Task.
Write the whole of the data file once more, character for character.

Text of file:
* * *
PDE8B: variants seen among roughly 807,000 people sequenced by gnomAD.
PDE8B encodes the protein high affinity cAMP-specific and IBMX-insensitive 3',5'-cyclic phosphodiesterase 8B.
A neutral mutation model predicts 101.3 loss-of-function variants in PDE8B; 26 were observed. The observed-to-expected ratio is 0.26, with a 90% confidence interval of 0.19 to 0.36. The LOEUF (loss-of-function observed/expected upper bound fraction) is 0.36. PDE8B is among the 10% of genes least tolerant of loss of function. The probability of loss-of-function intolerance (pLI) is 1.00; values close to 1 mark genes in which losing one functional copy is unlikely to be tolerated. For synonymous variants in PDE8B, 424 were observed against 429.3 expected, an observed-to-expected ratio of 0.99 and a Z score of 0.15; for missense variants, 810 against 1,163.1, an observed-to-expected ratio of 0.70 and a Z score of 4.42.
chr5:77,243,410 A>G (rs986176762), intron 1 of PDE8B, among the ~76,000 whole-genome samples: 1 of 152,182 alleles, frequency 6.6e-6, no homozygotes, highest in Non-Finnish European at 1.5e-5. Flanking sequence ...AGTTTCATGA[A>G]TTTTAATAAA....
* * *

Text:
PDE8B: variants seen among roughly 807,000 people sequenced by gnomAD.
PDE8B encodes the protein high affinity cAMP-specific and IBMX-insensitive 3',5'-cyclic phosphodiesterase 8B.
A neutral mutation model predicts 101.3 loss-of-function variants in PDE8B; 26 were observed. The observed-to-expected ratio is 0.26, with a 90% confidence interval of 0.19 to 0.36. The LOEUF (loss-of-function observed/expected upper bound fraction) is 0.36. PDE8B is among the 10% of genes least tolerant of loss of function. The probability of loss-of-function intolerance (pLI) is 1.00; values close to 1 mark genes in which losing one functional copy is unlikely to be tolerated. For synonymous variants in PDE8B, 424 were observed against 429.3 expected, an observed-to-expected ratio of 0.99 and a Z score of 0.15; for missense variants, 810 against 1,163.1, an observed-to-expected ratio of 0.70 and a Z score of 4.42.
chr5:77,243,410 A>G (rs986176762), intron 1 of PDE8B, among the ~76,000 whole-genome samples: 1 of 152,182 alleles, frequency 6.6e-6, no homozygotes, highest in Non-Finnish European at 1.5e-5. Flanking sequence ...AGTTTCATGA[A>G]TTTTAATAAA....